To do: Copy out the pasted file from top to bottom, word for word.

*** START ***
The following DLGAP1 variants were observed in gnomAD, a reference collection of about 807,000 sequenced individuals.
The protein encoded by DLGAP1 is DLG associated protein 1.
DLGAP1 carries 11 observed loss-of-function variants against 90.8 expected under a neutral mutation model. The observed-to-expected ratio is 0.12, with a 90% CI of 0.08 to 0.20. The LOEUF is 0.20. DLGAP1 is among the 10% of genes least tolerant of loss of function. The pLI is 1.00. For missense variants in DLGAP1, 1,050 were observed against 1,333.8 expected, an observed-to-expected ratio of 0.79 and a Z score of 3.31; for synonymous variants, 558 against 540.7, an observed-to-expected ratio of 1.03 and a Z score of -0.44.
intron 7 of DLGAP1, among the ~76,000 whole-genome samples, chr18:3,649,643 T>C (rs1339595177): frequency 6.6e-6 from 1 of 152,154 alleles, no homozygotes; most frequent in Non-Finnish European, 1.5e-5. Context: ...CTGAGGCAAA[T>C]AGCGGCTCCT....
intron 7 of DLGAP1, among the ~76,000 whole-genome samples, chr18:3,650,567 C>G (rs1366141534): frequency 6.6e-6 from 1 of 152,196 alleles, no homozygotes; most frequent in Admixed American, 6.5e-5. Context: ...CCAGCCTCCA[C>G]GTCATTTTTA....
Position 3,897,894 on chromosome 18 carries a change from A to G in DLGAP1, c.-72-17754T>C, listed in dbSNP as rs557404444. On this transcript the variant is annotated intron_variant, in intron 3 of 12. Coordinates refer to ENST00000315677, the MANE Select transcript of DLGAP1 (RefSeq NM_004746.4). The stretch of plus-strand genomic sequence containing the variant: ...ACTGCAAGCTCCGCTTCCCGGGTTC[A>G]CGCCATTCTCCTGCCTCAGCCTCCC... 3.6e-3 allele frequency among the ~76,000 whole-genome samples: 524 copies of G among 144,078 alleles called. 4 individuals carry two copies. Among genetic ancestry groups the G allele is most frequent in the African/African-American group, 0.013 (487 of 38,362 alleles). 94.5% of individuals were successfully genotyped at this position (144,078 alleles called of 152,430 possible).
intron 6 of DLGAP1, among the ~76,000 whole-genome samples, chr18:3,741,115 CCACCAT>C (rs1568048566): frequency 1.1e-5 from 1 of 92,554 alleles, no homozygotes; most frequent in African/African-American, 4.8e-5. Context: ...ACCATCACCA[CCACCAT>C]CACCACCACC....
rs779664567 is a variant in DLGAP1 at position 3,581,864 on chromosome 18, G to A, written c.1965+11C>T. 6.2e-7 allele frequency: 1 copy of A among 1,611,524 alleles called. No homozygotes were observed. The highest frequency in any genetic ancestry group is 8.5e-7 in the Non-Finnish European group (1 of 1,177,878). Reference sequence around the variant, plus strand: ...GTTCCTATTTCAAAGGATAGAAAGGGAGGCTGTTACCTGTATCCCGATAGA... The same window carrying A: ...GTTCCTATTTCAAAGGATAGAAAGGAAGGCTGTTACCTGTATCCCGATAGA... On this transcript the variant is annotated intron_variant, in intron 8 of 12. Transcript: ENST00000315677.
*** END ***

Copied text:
The following DLGAP1 variants were observed in gnomAD, a reference collection of about 807,000 sequenced individuals.
The protein encoded by DLGAP1 is DLG associated protein 1.
DLGAP1 carries 11 observed loss-of-function variants against 90.8 expected under a neutral mutation model. The observed-to-expected ratio is 0.12, with a 90% CI of 0.08 to 0.20. The LOEUF is 0.20. DLGAP1 is among the 10% of genes least tolerant of loss of function. The pLI is 1.00. For missense variants in DLGAP1, 1,050 were observed against 1,333.8 expected, an observed-to-expected ratio of 0.79 and a Z score of 3.31; for synonymous variants, 558 against 540.7, an observed-to-expected ratio of 1.03 and a Z score of -0.44.
intron 7 of DLGAP1, among the ~76,000 whole-genome samples, chr18:3,649,643 T>C (rs1339595177): frequency 6.6e-6 from 1 of 152,154 alleles, no homozygotes; most frequent in Non-Finnish European, 1.5e-5. Context: ...CTGAGGCAAA[T>C]AGCGGCTCCT....
intron 7 of DLGAP1, among the ~76,000 whole-genome samples, chr18:3,650,567 C>G (rs1366141534): frequency 6.6e-6 from 1 of 152,196 alleles, no homozygotes; most frequent in Admixed American, 6.5e-5. Context: ...CCAGCCTCCA[C>G]GTCATTTTTA....
Position 3,897,894 on chromosome 18 carries a change from A to G in DLGAP1, c.-72-17754T>C, listed in dbSNP as rs557404444. On this transcript the variant is annotated intron_variant, in intron 3 of 12. Coordinates refer to ENST00000315677, the MANE Select transcript of DLGAP1 (RefSeq NM_004746.4). The stretch of plus-strand genomic sequence containing the variant: ...ACTGCAAGCTCCGCTTCCCGGGTTC[A>G]CGCCATTCTCCTGCCTCAGCCTCCC... 3.6e-3 allele frequency among the ~76,000 whole-genome samples: 524 copies of G among 144,078 alleles called. 4 individuals carry two copies. Among genetic ancestry groups the G allele is most frequent in the African/African-American group, 0.013 (487 of 38,362 alleles). 94.5% of individuals were successfully genotyped at this position (144,078 alleles called of 152,430 possible).
intron 6 of DLGAP1, among the ~76,000 whole-genome samples, chr18:3,741,115 CCACCAT>C (rs1568048566): frequency 1.1e-5 from 1 of 92,554 alleles, no homozygotes; most frequent in African/African-American, 4.8e-5. Context: ...ACCATCACCA[CCACCAT>C]CACCACCACC....
rs779664567 is a variant in DLGAP1 at position 3,581,864 on chromosome 18, G to A, written c.1965+11C>T. 6.2e-7 allele frequency: 1 copy of A among 1,611,524 alleles called. No homozygotes were observed. The highest frequency in any genetic ancestry group is 8.5e-7 in the Non-Finnish European group (1 of 1,177,878). Reference sequence around the variant, plus strand: ...GTTCCTATTTCAAAGGATAGAAAGGGAGGCTGTTACCTGTATCCCGATAGA... The same window carrying A: ...GTTCCTATTTCAAAGGATAGAAAGGAAGGCTGTTACCTGTATCCCGATAGA... On this transcript the variant is annotated intron_variant, in intron 8 of 12. Transcript: ENST00000315677.